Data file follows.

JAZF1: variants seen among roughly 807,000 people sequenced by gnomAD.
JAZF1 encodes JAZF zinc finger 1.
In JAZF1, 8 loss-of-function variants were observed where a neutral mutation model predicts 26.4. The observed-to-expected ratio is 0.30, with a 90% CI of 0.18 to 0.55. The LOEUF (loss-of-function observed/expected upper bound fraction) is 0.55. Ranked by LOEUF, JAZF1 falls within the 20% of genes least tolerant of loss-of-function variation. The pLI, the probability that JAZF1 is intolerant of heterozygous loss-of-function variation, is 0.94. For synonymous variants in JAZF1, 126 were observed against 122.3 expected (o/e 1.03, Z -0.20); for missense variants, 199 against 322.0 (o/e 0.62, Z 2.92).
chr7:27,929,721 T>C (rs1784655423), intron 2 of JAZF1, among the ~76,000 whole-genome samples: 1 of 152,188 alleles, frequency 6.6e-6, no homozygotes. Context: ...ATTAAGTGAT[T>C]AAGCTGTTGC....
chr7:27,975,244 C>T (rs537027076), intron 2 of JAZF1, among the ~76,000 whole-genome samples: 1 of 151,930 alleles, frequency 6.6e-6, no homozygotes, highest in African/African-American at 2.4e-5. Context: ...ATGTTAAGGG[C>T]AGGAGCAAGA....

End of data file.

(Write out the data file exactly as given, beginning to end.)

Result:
JAZF1: variants seen among roughly 807,000 people sequenced by gnomAD.
JAZF1 encodes JAZF zinc finger 1.
In JAZF1, 8 loss-of-function variants were observed where a neutral mutation model predicts 26.4. The observed-to-expected ratio is 0.30, with a 90% CI of 0.18 to 0.55. The LOEUF (loss-of-function observed/expected upper bound fraction) is 0.55. Ranked by LOEUF, JAZF1 falls within the 20% of genes least tolerant of loss-of-function variation. The pLI, the probability that JAZF1 is intolerant of heterozygous loss-of-function variation, is 0.94. For synonymous variants in JAZF1, 126 were observed against 122.3 expected (o/e 1.03, Z -0.20); for missense variants, 199 against 322.0 (o/e 0.62, Z 2.92).
chr7:27,929,721 T>C (rs1784655423), intron 2 of JAZF1, among the ~76,000 whole-genome samples: 1 of 152,188 alleles, frequency 6.6e-6, no homozygotes. Context: ...ATTAAGTGAT[T>C]AAGCTGTTGC....
chr7:27,975,244 C>T (rs537027076), intron 2 of JAZF1, among the ~76,000 whole-genome samples: 1 of 151,930 alleles, frequency 6.6e-6, no homozygotes, highest in African/African-American at 2.4e-5. Context: ...ATGTTAAGGG[C>T]AGGAGCAAGA....